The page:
Well you haven't really provided enough information to be able to help you.
But on the firewall/router machine, you will need to do NAT (Network Address Translation, in this case DNAT, Destination NAT.), which will take a packet (in this case a http request) from the internet, and translate(change) the destination IP address to the Camera's internal IP.
Using iptables, the rule would look something like this (assuming you aren't running any other web servers/etc)...
iptables -t nat -A PREROUTING -p tcp --dport 80 -j DNAT --to-destination $Camera_IP
iptables -A FORWARD -i $Wan_If -o $LAN_If -p tcp --dport 80 -j ACCEPT
The first rule does the NAT itself, and the second rule will allow it through the firewall. The second rule is only required if your default policy on the filter/FORWARD chain is drop..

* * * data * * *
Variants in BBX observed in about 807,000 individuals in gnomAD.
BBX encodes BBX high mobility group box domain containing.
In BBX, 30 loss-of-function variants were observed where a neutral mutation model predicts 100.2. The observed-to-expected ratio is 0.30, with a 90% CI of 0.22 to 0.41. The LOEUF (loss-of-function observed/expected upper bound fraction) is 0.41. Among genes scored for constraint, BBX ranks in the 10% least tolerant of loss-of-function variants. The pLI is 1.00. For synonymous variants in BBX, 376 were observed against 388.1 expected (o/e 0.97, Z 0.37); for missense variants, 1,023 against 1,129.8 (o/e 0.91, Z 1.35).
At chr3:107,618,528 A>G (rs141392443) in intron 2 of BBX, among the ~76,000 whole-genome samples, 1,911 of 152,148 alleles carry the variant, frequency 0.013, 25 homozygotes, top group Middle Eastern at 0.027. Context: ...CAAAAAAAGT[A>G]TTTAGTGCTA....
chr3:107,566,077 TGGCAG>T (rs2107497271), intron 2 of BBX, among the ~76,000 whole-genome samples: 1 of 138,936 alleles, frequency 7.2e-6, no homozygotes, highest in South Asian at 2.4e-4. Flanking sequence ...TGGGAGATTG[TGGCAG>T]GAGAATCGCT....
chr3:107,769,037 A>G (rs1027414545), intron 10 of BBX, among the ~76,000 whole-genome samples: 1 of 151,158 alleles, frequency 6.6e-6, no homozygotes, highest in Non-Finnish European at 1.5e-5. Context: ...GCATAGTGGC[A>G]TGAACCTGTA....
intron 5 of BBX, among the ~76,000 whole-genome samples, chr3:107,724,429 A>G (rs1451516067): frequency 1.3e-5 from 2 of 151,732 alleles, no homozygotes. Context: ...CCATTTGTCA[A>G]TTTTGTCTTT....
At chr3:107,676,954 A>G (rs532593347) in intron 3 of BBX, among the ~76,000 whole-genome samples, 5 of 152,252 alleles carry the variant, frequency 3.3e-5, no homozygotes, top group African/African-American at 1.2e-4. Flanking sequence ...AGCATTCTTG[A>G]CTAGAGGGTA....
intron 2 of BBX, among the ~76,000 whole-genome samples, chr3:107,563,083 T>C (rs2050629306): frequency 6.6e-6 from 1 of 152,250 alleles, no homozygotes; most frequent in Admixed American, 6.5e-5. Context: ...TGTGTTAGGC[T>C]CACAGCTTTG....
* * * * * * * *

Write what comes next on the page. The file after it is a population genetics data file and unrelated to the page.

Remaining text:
For something like this, I would normally recommend securing it by source IP, so only connections from allowed WAN IP address's are allowed, this is not an option with a mobile device which is most likely going to have a dynamic address. In a case such as this, you could also use a non standard port, and modify the DNAT rule in the above example, to forward from dport "12345" to port 80 on the camera IP. This would also mean telling the client to connect using the alternate port.
The issue I see with securing something like this, is not with the firewall, but with the camera itself. How well do you trust the developers of the camera?